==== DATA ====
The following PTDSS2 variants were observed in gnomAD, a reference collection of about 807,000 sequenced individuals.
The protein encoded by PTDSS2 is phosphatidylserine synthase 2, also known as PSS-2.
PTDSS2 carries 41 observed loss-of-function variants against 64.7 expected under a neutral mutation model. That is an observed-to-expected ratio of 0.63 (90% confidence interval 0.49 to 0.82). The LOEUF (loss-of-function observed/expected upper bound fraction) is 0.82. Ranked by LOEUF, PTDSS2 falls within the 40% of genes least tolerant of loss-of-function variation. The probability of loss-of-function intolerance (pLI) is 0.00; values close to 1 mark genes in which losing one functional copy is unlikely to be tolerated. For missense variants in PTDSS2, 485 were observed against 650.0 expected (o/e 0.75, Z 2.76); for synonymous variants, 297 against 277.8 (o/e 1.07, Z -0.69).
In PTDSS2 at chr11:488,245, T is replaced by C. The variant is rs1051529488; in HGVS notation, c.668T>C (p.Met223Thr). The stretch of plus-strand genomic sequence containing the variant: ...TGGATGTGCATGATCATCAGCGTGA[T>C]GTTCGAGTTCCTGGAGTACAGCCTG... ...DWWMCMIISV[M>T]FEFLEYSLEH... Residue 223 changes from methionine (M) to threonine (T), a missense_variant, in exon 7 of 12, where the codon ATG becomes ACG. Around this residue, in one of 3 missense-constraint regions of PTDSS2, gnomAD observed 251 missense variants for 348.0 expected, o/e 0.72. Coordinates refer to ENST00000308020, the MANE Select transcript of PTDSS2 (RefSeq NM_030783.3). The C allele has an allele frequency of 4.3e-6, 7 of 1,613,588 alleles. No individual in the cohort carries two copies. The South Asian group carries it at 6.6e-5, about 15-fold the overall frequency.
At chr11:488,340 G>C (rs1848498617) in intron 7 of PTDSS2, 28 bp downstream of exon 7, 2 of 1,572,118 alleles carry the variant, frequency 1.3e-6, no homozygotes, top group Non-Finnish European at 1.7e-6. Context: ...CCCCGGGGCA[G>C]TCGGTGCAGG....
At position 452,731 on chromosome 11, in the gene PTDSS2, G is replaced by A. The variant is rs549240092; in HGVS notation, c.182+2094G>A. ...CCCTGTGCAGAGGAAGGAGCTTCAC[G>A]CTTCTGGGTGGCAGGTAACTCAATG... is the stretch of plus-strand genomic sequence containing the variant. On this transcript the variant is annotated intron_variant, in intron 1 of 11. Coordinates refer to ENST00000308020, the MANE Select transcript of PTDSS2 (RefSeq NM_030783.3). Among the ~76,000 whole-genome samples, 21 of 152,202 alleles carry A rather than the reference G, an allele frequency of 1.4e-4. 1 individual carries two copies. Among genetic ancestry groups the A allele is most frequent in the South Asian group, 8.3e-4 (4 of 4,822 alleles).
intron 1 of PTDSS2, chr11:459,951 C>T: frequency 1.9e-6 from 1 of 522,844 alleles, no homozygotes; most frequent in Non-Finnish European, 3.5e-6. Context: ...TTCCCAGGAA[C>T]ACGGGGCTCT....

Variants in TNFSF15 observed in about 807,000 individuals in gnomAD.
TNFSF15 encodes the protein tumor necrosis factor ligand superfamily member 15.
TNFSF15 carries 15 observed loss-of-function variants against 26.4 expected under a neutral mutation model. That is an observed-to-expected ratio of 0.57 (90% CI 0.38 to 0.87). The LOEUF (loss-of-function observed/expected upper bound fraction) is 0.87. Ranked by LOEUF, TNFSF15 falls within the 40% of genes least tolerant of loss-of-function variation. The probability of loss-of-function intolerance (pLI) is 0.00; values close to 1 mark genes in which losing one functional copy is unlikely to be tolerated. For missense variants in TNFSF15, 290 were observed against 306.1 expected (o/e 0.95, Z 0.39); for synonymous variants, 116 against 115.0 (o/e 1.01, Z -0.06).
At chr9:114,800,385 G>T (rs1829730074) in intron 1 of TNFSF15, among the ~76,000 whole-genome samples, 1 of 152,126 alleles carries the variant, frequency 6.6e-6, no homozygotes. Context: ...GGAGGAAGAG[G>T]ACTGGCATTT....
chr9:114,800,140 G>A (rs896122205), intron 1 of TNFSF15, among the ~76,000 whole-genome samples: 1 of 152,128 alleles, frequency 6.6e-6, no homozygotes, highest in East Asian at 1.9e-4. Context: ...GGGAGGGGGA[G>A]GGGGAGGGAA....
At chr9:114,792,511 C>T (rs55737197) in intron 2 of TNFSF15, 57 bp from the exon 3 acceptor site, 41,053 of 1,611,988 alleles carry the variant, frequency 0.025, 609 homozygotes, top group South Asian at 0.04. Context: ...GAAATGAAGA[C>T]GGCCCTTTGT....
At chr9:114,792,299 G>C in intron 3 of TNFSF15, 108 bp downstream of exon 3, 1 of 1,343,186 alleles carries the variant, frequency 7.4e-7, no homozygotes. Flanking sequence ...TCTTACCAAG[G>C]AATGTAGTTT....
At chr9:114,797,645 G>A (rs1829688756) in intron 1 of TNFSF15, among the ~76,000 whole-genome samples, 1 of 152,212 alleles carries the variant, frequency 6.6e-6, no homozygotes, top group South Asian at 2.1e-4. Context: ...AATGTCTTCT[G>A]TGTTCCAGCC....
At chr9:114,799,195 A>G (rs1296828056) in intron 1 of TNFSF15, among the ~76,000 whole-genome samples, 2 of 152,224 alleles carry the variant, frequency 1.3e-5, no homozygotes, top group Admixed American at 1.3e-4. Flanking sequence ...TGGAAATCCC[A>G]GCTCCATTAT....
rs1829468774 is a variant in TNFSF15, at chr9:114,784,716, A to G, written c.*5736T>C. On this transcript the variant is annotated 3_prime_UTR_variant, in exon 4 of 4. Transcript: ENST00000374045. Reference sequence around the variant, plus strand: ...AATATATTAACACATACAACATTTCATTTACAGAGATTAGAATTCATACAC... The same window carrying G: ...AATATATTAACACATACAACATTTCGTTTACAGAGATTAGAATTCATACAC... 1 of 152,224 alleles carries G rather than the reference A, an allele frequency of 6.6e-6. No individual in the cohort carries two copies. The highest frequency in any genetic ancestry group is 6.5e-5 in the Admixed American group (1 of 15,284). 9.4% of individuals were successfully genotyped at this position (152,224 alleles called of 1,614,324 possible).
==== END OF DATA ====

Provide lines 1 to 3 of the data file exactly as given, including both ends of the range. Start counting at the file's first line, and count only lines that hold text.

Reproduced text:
The following PTDSS2 variants were observed in gnomAD, a reference collection of about 807,000 sequenced individuals.
The protein encoded by PTDSS2 is phosphatidylserine synthase 2, also known as PSS-2.
PTDSS2 carries 41 observed loss-of-function variants against 64.7 expected under a neutral mutation model. That is an observed-to-expected ratio of 0.63 (90% confidence interval 0.49 to 0.82). The LOEUF (loss-of-function observed/expected upper bound fraction) is 0.82. Ranked by LOEUF, PTDSS2 falls within the 40% of genes least tolerant of loss-of-function variation. The probability of loss-of-function intolerance (pLI) is 0.00; values close to 1 mark genes in which losing one functional copy is unlikely to be tolerated. For missense variants in PTDSS2, 485 were observed against 650.0 expected (o/e 0.75, Z 2.76); for synonymous variants, 297 against 277.8 (o/e 1.07, Z -0.69).